Swansea Airport in South Wales has had its status as a licensed aerodrome suspended by the UK Civil Aviation Authority after “a series of safety concerns” were found.
The safety problems came to light following an unannounced safety audit by the regulator but it did not expand on exactly what the concerns were.
Richard Stephenson, Director of the Civil Aviation Authority, said: “Following a recent unannounced safety audit at Swansea Aerodrome we discovered a series of safety concerns which has led us to suspend its Operating Licence.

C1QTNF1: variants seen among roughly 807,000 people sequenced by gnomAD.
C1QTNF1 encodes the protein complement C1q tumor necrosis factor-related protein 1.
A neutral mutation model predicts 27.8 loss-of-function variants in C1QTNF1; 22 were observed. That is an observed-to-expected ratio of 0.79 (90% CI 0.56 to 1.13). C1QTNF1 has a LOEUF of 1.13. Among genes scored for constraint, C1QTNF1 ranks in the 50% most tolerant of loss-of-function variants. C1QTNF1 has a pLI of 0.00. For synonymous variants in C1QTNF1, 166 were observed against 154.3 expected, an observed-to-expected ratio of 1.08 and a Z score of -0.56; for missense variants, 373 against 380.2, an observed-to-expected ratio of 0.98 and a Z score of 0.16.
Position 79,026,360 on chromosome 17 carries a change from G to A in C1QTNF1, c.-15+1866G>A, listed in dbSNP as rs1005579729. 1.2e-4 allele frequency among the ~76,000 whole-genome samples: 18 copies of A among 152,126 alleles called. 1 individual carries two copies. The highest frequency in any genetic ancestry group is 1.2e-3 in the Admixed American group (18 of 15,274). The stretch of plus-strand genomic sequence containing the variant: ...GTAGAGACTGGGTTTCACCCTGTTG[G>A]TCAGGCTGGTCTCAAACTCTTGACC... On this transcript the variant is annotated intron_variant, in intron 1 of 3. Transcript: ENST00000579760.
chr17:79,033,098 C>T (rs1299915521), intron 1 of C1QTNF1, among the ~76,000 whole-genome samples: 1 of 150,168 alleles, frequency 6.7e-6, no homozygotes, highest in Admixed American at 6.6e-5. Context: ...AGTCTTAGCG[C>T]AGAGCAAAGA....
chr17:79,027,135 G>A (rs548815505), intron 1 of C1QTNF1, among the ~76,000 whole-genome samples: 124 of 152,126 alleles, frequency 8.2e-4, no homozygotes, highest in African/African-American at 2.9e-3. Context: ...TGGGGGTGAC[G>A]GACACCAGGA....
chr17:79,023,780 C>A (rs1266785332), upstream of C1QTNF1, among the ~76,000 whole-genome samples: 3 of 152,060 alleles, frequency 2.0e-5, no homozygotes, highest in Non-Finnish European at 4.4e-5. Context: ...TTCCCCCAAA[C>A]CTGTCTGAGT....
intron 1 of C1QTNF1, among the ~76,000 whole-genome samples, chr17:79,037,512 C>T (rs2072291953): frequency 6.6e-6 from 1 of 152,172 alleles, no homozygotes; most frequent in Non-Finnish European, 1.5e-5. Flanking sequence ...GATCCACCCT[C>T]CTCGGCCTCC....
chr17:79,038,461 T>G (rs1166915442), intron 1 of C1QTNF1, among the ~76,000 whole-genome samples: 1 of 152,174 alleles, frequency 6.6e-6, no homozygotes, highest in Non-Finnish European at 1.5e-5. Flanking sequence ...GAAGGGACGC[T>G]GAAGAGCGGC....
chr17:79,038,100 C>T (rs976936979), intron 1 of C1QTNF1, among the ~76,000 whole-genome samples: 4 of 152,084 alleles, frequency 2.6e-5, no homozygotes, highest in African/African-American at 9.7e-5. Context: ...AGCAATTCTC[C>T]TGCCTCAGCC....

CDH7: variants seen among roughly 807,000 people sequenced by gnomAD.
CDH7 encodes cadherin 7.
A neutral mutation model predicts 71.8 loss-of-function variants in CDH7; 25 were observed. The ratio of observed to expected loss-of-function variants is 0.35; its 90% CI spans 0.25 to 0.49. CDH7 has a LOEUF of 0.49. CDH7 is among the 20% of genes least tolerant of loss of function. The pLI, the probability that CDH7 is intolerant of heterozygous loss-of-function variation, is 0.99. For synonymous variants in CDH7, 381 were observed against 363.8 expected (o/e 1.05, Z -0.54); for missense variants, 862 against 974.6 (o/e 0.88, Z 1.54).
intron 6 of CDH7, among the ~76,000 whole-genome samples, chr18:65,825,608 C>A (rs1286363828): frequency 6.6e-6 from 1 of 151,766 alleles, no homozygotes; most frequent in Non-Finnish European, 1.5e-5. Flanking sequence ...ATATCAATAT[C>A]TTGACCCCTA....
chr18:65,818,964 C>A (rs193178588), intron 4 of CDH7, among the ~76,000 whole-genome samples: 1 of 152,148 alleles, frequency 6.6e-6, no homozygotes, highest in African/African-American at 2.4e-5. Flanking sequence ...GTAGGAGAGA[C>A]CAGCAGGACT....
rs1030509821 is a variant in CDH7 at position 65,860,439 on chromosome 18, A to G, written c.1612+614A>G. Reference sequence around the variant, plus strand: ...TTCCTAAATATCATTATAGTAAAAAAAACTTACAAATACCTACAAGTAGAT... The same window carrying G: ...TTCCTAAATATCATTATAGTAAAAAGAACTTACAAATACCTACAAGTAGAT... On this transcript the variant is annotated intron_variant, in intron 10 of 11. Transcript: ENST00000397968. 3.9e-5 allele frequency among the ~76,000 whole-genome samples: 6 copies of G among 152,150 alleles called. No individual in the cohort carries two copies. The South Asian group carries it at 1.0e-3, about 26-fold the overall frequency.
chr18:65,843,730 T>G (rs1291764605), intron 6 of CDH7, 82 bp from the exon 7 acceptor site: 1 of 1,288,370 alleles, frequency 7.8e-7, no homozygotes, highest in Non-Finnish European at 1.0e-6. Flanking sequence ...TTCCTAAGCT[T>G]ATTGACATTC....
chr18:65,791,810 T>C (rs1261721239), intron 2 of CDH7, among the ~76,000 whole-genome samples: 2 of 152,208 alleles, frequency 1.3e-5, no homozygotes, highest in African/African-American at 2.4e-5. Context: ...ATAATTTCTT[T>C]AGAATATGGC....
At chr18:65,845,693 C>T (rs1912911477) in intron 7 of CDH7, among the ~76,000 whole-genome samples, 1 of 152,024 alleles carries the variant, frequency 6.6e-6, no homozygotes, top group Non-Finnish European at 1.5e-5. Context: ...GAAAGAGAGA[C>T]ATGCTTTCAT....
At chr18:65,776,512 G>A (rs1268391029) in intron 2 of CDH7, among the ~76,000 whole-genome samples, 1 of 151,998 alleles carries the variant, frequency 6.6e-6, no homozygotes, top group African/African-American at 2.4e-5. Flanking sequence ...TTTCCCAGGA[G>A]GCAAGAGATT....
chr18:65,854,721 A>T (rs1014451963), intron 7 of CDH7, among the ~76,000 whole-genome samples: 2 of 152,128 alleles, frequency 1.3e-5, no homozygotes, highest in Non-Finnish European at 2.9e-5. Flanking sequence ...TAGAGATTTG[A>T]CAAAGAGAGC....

“Swansea Aerodrome is therefore currently closed to all flights which require the use of a licensed aerodrome. The suspensions will remain in place until our safety concerns are addressed.”
Swansea Airport has not seen commercial flights since 2004 but is sometimes used for training such as practice approaches and navigational training.
But the airfield, currently owned by Roy Thomas’ Swansea Airport Ltd, has been in decline for several years.
Local pilots have reported problems such as broken navigation lights, unusable hangars and general dis-repair across the site on the Gower Peninsula.
The suspension of the licence means the airfield can only be used for private flying on an unlicensed basis until sufficient work is done to make the airfield safe to use.